By turns enthralled and annoyed, I never stopped being forced to look at stuff I thought I knew in ways that I had never considered. Take Blake’s ‘Infant Joy’, for instance, a lyric I had previously thought of as pretty insubstantial fare:
I have no name
I am but two days old.—
What shall I call thee?
I happy am
Joy is my name,—
Sweet joy befall thee!
Sweet joy but two days old,
Sweet joy I call thee;
Thou dost smile.
I sing the while
Sweet joy befall thee.
Paglia calls this ‘sadomasochistic’! Her argument – that focusing on a baby’s innocence heightens your awareness of its vulnerability in various interesting ways – might be argued with, but it completely changed the way I see the poem. At other times, casting around for connections, she doesn’t hesitate to pluck examples from pop culture in a manner that can take your breath away. Simeon Solomon’s Until the Day Breaks (1869):
In this ‘androgynous brother and sister’, Paglia sees an anticipation of ‘Jean Cocteau’s homoerotic ephebes’, which is fair enough and had me thinking already. But then she goes on to suggest that ‘their dreamy incestuous intimacy is learnedly reproduced in Madonna’s superb peep-show video, “Open Your Heart” (1986)’—
—a link that would occur to few other critics, and is unlikely to have been committed to paper by anyone else! It is mad but, somehow, weirdly mind-expanding.
Often, to be sure, her judgements strike you as nonsensical. Her staccato sentences and florid imagery combine to form bizarre, other-worldly epigrams: so pity in Henry James is ‘a grisly fleur du mal of phallic elasticity’; Hester’s breasts in The Scarlet Letter are called ‘sacs of engorged significance’; compound German nouns are described orgiastically as ‘spawning prefixes and suffixes and hyphenated by dildos’. These rococo phrases come at you scatter-gun style, one after the other, in disconnected leaps of illogic that can be wearying. (Bryan Appleyard, interviewing Paglia for a magazine, talked about ‘scrabbling for purchase on the baroque cliff face of her mind’.) Often, her argument rests only on an assertion she herself made previously, so that the effect is like someone in a Looney Tunes cartoon crossing a chasm on a bridge they’re dismantling behind them to assemble in front. The overall impression is not so much of an argument mounting from one example to another in cumulative force, but rather a crazed, proliferating web of connections leaping from one creative artist to another, metastasising unpredictably across time and space. Sometimes it works, sometimes it doesn’t; but when it does, the effect is exhilarating.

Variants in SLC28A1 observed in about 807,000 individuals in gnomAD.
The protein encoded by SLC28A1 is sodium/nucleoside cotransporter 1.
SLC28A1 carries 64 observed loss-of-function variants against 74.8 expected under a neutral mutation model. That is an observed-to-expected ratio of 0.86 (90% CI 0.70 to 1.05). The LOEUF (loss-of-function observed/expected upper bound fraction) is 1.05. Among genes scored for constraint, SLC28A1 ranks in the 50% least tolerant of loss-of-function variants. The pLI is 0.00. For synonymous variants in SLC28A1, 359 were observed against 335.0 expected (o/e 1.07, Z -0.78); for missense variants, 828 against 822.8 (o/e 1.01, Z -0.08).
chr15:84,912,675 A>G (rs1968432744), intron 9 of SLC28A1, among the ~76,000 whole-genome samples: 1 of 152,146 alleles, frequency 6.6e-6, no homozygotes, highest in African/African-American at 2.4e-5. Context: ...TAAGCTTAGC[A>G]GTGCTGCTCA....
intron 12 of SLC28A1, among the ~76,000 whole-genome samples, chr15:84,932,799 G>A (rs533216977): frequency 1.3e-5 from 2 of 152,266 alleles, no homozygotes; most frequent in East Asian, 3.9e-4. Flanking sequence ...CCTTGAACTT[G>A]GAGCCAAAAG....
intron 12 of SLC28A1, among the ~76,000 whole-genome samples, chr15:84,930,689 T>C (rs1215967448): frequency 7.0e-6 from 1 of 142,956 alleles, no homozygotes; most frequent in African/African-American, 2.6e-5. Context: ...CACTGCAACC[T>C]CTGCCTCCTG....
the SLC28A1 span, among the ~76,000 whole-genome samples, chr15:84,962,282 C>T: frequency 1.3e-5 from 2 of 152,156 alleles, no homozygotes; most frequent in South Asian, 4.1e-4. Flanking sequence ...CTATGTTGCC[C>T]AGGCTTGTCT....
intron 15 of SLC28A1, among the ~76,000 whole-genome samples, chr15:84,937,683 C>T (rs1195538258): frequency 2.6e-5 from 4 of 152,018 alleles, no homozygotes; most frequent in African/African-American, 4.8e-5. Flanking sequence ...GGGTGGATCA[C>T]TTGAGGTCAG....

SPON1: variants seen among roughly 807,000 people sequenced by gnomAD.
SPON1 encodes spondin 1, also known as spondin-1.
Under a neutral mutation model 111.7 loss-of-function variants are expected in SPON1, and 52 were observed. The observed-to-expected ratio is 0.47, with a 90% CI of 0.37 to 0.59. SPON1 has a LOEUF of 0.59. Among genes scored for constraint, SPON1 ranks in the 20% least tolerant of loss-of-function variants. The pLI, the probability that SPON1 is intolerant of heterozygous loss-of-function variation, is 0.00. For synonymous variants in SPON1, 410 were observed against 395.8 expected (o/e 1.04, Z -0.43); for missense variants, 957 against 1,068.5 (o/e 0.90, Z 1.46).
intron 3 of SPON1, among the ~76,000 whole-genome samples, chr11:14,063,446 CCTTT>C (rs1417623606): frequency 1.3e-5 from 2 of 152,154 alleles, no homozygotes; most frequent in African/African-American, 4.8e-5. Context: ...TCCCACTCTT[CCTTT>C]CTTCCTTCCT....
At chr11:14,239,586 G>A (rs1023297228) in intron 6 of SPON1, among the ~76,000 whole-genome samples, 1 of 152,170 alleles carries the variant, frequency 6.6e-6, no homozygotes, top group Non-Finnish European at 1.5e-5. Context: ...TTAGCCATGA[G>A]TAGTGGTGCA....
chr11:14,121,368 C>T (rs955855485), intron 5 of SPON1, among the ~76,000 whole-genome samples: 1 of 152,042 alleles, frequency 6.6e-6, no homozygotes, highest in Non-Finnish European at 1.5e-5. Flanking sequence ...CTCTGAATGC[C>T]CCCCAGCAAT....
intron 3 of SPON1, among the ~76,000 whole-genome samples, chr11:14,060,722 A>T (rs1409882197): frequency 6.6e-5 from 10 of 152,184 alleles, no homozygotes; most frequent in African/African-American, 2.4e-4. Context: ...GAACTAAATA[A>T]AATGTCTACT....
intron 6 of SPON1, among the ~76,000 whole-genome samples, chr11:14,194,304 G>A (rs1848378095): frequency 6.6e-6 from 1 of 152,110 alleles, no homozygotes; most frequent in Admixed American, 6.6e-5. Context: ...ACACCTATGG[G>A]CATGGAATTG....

What I found especially wonderful was not so much her ideas about sex in terms of gender roles, but rather sex in terms of arousal, desire, objectification, fantasy. I am someone who believes, with Klimt, that ‘Alle Kunst ist erotisch’, and have tried ham-fistedly to make this argument in several below-the-line discussions here on Goodreads. In Camille Paglia I have now found my high priestess. ‘Sex is poetry; poetry is sex,’ she says. And, ‘Emotion without eroticism is impossible.’ And especially, ‘Pornography cannot be separated from art; the two interpenetrate each other, far more than humanistic criticism has admitted.’ This is something she shows again and again in places where I would certainly fear to tread.
Despite the longueurs, despite all the phallic and vulval non-sequiturs, despite the sense of cocaine-fuelled ’80s logorrhoea – despite all that, what Sexual Personae really brings is something that is too often missing from criticism. Enthusiasm! Camille Paglia may be mad, but she is absolutely passionate. She talks about decadent literature or symbolist painting not like it’s an academic exercise, but like it’s a matter of life or death. For some people, it is. And though I spent a lot of time shouting objections at the page, I have never been sent back to my bookshelves as often or as frantically as I was while I was reading this bonkers, hormonal dissertation.